Video: Eric Campbell steals home against the Phillies

3 Comments

In the bottom of the seventh inning on Friday night against the Phillies, the Mets executed a double steal. Juan Lagares, who reached on a two-run fielding error by outfielder Grady Sizemore, was on first base while Eric Campbell was on third base.

With right-handed reliever Justin De Fratus on the mound, Lagares broke for second base on an 0-2 count. Catcher Carlos Ruiz fired to second at which point Campbell broke for home. Shortstop Jimmy Rollins’ throw back home wasn’t in time to get Campbell, who slid towards the back of the plate.

There’s no embed code available yet, so here’s the link if you’d like to see the exciting play with your own two eyes.

The Orioles pulled off a steal of home on a delayed steal last night.

Aaron Judge set a new postseason strikeout record

Getty Images
Leave a comment

For a few days, it looked like Aaron Judge was finally hitting his stride in the postseason. He was still striking out at a regular clip, piling more and more strikeouts atop the 16 he racked up in the Division Series, but he was mashing, too. He engineered a three-run homer during Game 3 of the Championship Series, followed by another blast and game-tying double in Game 4. His one-out double helped pad a five-run lead in Game 5, while his 425-footer off of Brad Peacock barely made a dent during a 7-1 loss in Game 6. And then Lance McCullers‘ curveball found and fooled him, as it did five of the 14 batters it met in Game 7:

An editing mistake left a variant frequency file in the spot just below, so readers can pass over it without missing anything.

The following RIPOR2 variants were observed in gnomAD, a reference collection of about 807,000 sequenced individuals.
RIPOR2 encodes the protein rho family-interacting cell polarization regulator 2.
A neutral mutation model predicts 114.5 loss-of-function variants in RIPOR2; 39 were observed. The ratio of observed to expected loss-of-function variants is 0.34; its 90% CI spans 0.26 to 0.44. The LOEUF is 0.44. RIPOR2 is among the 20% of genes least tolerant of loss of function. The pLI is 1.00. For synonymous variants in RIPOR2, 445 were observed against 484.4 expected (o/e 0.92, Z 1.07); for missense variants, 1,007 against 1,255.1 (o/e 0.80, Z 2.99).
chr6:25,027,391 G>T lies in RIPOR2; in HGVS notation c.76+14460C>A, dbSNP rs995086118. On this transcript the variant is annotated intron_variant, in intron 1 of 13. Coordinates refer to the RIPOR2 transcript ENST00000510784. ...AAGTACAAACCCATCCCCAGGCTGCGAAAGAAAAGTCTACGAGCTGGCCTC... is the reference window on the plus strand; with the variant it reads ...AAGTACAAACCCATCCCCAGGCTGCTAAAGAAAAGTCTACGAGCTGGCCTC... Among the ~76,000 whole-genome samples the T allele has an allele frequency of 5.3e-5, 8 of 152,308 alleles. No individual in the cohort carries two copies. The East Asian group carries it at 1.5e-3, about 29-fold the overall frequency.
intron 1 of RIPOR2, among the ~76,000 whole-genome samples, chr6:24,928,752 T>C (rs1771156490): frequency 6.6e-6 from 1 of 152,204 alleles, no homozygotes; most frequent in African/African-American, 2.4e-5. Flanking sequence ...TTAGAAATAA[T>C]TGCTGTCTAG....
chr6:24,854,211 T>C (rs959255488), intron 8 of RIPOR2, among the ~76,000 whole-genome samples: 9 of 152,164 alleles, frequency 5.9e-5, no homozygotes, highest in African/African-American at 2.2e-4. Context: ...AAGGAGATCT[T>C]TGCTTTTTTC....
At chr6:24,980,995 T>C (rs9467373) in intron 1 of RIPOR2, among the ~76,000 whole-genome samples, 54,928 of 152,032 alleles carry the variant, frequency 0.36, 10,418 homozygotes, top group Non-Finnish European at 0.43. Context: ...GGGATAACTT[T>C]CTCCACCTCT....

The strikeout was Judge’s first of the evening and 27th since the start of the playoffs. No other major league batter has racked up that many strikeouts in a single postseason, though Alfonso Soriano’s 26-strikeout record in 2003 comes the closest. Within that record, Judge also collected three golden sombreros (four strikeouts in a single game), narrowly avoiding the dreaded platinum sombrero (five strikeouts in a single game).

It’s an unfortunate footnote to a spectacular year for the rookie outfielder, who decimated the competition with 52 home runs and 8.2 fWAR during the regular season and was a pivotal part of the Yankees’ playoff run. Thankfully, the image of McCullers’ curveball darting just under Judge’s bat won’t be the image that sticks with us for years to come. Instead, it’ll look something like this: